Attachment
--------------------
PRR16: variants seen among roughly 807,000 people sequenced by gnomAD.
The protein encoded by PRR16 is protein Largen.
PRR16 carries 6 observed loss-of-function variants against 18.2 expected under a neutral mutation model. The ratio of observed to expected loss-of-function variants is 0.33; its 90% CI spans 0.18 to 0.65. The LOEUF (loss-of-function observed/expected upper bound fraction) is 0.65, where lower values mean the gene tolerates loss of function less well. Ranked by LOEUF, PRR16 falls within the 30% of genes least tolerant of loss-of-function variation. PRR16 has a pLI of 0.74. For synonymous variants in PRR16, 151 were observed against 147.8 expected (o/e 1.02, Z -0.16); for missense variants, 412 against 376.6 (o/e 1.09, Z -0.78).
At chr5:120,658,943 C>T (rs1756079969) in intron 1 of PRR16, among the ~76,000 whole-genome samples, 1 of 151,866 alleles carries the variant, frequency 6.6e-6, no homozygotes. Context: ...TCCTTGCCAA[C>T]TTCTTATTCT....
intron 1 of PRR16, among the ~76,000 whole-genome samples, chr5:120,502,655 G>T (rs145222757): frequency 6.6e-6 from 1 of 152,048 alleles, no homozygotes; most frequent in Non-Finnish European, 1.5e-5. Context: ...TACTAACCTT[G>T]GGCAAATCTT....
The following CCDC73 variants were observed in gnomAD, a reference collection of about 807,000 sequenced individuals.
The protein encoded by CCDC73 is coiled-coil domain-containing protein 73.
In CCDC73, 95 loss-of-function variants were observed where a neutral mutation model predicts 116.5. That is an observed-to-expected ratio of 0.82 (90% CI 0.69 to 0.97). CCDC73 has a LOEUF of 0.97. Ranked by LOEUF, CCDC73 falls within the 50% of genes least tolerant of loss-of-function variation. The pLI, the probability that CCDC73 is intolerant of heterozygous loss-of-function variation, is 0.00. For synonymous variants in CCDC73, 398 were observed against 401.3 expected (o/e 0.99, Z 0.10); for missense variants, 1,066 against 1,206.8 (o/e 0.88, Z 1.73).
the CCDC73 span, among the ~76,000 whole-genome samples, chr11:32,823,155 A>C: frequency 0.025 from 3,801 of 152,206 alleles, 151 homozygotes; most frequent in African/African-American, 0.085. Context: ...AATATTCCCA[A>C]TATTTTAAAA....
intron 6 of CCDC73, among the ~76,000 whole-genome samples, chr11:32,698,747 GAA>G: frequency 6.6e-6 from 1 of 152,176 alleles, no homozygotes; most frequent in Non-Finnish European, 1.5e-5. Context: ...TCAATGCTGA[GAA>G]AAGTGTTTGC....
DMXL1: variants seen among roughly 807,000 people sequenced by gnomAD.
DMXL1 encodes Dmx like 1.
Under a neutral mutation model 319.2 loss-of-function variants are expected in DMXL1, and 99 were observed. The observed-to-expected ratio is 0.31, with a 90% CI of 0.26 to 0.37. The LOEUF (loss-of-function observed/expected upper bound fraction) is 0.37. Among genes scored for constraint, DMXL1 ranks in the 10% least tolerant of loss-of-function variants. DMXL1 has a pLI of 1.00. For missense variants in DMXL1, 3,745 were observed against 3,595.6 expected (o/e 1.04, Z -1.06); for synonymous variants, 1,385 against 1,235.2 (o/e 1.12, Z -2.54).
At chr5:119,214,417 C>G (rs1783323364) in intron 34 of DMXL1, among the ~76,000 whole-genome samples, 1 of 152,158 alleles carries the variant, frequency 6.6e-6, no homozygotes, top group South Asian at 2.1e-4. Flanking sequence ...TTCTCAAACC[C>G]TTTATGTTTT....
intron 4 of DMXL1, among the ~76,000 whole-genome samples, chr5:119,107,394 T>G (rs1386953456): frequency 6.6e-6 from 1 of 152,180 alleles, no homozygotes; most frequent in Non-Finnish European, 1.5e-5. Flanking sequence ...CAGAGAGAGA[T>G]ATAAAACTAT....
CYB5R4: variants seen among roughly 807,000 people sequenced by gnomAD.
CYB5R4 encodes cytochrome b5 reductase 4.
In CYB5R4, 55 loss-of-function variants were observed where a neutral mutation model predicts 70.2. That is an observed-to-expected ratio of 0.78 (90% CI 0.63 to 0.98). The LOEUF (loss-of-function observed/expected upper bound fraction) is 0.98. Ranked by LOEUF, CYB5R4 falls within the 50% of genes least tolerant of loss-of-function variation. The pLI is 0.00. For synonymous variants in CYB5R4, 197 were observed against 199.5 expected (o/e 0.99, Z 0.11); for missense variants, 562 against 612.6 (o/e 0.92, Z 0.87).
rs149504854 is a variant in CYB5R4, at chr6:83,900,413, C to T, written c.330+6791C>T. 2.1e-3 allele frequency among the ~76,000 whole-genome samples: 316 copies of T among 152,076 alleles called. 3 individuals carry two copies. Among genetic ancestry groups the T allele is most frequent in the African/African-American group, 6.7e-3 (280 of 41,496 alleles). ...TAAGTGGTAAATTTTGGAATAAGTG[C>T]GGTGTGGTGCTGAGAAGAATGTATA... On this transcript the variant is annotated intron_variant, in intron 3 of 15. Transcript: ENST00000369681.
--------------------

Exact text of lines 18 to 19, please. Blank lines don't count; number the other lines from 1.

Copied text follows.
In CYB5R4, 55 loss-of-function variants were observed where a neutral mutation model predicts 70.2. That is an observed-to-expected ratio of 0.78 (90% CI 0.63 to 0.98). The LOEUF (loss-of-function observed/expected upper bound fraction) is 0.98. Ranked by LOEUF, CYB5R4 falls within the 50% of genes least tolerant of loss-of-function variation. The pLI is 0.00. For synonymous variants in CYB5R4, 197 were observed against 199.5 expected (o/e 0.99, Z 0.11); for missense variants, 562 against 612.6 (o/e 0.92, Z 0.87).
rs149504854 is a variant in CYB5R4, at chr6:83,900,413, C to T, written c.330+6791C>T. 2.1e-3 allele frequency among the ~76,000 whole-genome samples: 316 copies of T among 152,076 alleles called. 3 individuals carry two copies. Among genetic ancestry groups the T allele is most frequent in the African/African-American group, 6.7e-3 (280 of 41,496 alleles). ...TAAGTGGTAAATTTTGGAATAAGTG[C>T]GGTGTGGTGCTGAGAAGAATGTATA... On this transcript the variant is annotated intron_variant, in intron 3 of 15. Transcript: ENST00000369681.